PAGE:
Worsening Tobacco Control situation in Jamaica – a concern for the Caribbean‏

The following message came from Debbie Chen and the Heart Foundation of Jamaica. Just as tobacco companies are using every marketing and communication method to increase the uptake of cigarettes and other tobacco produces, we in the public health community have to find innovate ways to counteract their practices.


Just when we thought it couldn’t get any worse with the continuing delay of the tobacco legislation here in Jamaica, and the subsequent arrival of a US based “Roll Your Own” (RYO) tobacco company setting up business here with plans to expand in the Caribbean; we now have yet another entrant to the tobacco market to contend with.

This company imports cigarettes from Uruguay called “bama” and states that they are 25 % cheaper than one of their competitor’s brands. They state in the attached news article:

“We will be utilising unique marketing to get bama’s cigarettes out there in the public consciousness. We realise that we are up against entrenched brands but we have a very good product. We will be embarking on a community’s tour which begins on January 20 and goes on until February 29. We will first begin in communities in the corporate areas and will undertake talent shows seeking out the best in these communities. We will be brining the best entertainers on the road with us and will be doing 12 shows in six weeks to heighten brand awareness”

The company have also placed advertisements in the print media (see attached) – something which, by gentleman’s agreement with the leading tobacco company here (Carerras) had not occurred for several years until recently. To make it worse they plan to extend their reach in the Caribbean. They state that they: “plan to expand to St. Lucia through an in bond vehicle”. You may recall the RYO tobacco company also has plans to expand throughout the Caribbean and are actively seeking persons interested in owning a franchise.

The Jamaica Coalition for Tobacco Control (JCTC) has written to the editor of the several local newspapers about this issue (see attached) and the Ministry of Health are aware of the situation. The only way to stop this scourge from spreading in our respective countries is for the tobacco control legislation to be passed based on the Framework Convention for Tobacco Control (FCTC). And once the legislation has been passed (as it has been in Barbados and Trinidad and Tobago), there has to be monitoring. Non communicable disease is the leading cause of death in our region, and tobacco smoking is a common risk factor for all these illnesses; and it is the most preventable. I would encourage you all at your country level to get involved in tobacco control efforts and speak out against this type of situation which, apart from being a health issue, is also a threat to social and national development.

We will in the very near future be restarting our regional tobacco control network. Some of you will recall that through the InterAmerican Heart Foundation we had a Caribbean Tobacco Control group, which at the time was focused on getting countries to ratify the FCTC. The IAHF Caribbean Office (based here at The Heart Foundation of Jamaica) will restart this “virtual group” in collaboration with the Healthy Caribbean Coalition (based in Barbados). We will establish a Facebook page and an email group. We would then use that medium to keep each other informed about tobacco control issues in our countries. As we see from this situation, what happens in one Caribbean island eventually spreads throughout the region.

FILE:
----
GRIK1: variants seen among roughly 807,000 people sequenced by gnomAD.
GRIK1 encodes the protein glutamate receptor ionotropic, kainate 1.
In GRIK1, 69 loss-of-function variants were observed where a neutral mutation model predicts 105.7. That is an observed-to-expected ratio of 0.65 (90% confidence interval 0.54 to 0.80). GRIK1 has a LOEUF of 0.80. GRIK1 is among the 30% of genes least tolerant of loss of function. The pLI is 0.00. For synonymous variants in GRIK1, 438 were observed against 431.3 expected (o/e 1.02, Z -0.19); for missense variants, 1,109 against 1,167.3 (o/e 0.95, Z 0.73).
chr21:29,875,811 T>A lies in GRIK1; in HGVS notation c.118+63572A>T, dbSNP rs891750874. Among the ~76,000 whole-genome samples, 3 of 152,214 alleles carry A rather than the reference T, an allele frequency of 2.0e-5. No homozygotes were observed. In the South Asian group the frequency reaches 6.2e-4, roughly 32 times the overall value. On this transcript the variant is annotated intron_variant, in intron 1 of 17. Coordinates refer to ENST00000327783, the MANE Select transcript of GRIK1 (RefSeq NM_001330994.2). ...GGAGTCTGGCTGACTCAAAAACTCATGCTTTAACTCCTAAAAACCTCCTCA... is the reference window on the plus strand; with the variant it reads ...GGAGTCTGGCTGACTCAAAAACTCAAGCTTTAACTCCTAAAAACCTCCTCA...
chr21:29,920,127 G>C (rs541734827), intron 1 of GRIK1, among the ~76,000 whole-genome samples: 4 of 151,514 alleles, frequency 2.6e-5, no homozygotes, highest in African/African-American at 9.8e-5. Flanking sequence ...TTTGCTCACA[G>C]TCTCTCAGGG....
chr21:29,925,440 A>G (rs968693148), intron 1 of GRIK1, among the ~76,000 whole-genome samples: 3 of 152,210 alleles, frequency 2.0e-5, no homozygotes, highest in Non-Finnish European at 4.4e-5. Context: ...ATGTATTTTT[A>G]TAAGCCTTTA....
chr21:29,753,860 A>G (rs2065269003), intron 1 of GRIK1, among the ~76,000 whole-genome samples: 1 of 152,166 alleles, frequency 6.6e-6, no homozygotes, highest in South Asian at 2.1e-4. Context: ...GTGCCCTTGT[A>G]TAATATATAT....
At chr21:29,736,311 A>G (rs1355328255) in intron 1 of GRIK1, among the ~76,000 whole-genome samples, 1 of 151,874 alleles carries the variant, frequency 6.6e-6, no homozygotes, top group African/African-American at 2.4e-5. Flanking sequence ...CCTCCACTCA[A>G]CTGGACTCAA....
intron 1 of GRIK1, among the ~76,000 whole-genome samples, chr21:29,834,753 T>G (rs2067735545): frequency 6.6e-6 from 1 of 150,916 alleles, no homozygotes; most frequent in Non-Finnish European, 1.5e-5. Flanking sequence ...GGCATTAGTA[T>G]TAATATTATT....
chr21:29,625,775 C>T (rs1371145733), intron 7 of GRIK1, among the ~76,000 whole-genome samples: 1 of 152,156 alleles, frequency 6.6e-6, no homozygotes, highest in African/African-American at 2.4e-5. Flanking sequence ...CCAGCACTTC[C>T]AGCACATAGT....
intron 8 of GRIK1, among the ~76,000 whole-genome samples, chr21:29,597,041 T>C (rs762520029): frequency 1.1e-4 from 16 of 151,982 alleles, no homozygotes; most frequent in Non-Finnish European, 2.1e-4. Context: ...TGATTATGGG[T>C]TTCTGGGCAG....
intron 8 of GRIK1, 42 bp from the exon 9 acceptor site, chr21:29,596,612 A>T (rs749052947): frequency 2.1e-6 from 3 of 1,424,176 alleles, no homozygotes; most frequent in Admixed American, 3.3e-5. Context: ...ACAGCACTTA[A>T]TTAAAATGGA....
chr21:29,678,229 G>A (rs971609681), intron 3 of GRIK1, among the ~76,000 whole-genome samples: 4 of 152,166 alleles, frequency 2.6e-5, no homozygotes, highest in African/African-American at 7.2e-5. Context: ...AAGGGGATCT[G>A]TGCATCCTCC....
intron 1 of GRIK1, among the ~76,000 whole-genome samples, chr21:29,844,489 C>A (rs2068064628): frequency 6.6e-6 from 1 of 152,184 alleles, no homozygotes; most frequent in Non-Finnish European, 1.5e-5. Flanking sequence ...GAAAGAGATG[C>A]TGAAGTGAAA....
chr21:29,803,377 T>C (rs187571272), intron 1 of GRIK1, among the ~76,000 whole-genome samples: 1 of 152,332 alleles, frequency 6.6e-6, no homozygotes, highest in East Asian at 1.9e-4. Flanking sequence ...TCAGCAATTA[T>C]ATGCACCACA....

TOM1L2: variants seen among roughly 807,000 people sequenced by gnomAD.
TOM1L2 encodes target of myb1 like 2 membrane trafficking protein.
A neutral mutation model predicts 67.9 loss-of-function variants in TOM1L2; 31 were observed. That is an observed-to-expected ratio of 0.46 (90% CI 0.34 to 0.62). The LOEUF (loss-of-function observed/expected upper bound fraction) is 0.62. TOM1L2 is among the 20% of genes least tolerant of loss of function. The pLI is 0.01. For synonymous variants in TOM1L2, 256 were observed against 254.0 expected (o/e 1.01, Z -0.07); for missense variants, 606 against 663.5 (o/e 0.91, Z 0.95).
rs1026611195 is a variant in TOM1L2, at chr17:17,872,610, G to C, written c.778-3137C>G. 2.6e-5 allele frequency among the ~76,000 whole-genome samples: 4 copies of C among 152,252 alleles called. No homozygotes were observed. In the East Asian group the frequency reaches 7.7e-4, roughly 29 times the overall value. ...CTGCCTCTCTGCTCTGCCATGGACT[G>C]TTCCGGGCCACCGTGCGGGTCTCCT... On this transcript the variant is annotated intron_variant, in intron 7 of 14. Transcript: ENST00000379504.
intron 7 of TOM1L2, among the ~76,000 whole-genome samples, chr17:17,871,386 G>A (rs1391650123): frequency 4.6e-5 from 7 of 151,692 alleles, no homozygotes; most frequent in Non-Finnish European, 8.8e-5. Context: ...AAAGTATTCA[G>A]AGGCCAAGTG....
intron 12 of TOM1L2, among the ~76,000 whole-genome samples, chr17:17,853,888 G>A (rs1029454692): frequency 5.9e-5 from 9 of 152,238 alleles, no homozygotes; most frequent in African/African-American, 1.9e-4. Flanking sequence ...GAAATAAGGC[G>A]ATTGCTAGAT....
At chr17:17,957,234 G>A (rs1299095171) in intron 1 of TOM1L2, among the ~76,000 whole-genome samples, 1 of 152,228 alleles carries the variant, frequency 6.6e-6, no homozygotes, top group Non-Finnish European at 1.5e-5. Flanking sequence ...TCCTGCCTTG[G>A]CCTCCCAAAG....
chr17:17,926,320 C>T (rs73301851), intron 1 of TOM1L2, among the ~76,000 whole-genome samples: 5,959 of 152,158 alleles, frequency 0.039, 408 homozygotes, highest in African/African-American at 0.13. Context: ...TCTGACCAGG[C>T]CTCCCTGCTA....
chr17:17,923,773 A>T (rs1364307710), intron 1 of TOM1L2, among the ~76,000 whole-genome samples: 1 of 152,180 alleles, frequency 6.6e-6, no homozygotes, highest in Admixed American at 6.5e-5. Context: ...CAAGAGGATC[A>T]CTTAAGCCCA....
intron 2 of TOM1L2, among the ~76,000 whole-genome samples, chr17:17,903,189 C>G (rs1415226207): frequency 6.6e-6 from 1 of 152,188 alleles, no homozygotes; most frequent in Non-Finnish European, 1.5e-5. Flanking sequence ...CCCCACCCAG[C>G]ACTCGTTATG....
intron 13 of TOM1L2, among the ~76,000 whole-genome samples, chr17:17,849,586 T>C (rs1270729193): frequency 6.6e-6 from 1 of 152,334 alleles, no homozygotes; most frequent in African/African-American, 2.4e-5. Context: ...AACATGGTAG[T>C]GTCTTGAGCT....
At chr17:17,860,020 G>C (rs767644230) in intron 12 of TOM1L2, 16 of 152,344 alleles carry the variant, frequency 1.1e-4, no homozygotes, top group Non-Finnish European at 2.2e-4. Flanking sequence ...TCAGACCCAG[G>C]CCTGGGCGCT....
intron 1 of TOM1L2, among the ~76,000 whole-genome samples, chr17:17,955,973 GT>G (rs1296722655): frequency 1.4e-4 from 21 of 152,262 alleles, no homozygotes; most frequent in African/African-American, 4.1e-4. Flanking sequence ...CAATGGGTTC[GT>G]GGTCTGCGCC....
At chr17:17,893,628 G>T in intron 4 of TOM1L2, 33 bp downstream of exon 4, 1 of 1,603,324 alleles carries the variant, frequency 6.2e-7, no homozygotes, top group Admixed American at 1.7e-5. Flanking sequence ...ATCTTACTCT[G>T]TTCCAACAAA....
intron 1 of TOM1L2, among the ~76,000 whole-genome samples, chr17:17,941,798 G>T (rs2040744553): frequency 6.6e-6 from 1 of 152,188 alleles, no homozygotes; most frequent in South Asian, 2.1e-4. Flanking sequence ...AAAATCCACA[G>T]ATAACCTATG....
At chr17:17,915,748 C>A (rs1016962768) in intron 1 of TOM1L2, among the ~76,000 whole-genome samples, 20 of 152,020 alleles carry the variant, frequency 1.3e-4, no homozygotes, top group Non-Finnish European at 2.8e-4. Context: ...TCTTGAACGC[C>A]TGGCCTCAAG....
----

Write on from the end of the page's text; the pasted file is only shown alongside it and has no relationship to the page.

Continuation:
Let us work together to fight this deadly industry – remember, it is the only legally available product that when used exactly as the manufacturer intends, kills people. Yes, the task may seem unsurmountable – but I believe the situation would be far worse if we did nothing.

Caricom developing risk communication alert system for non-food, non-pharma goods

Seminar on developing a Rapid Alert System for Dangerous Consumer Goods within CARICOM, Barbados, 1 November 2011

One of the growing areas of within the spectrum of health communication is risk communication. The World Health Organization defines risk communication as “an interactive process of exchange of information and opinion on risk among risk assessors, risk managers, and other interested parties. Risk communication is an integral and ongoing part of the risk analysis exercise, and ideally all stakeholder groups should be involved from the start.”

This past week, Caricom officials took another step towards effective communication when they came together for a seminar aimed at developing a Rapid Alert System for Dangerous Consumer Goods within the region. According the the Secretariat,

“[t]he training is part of a consultancy which focuses on the development of a comprehensive framework, including a computer based platform for the administration of a regional information exchange and response system. It is aimed at strengthening Member States’ market surveillance capabilities in the respect of non-food, non pharmaceuticals which pose a serious risk to consumers’ health and safety.”

I am very interested in seeing how this develops. My hope is that they employ the full range of mediated channels within this process. People across the region engage extensively with text messaging, and young people are very active on social networking sites. In most, if not all Caricom countries, traditional media such radio and television are the main sources to receive health and risk information. But, as more people move away from such channels, we need to consider the places they shift to.

Interestingly, I did not see or hear any discussions of the role of the newly formed regional public health agency. I saw mention of the CSME Unit. If anyone knows how (or if) CARPHA is involved, it would be nice to know.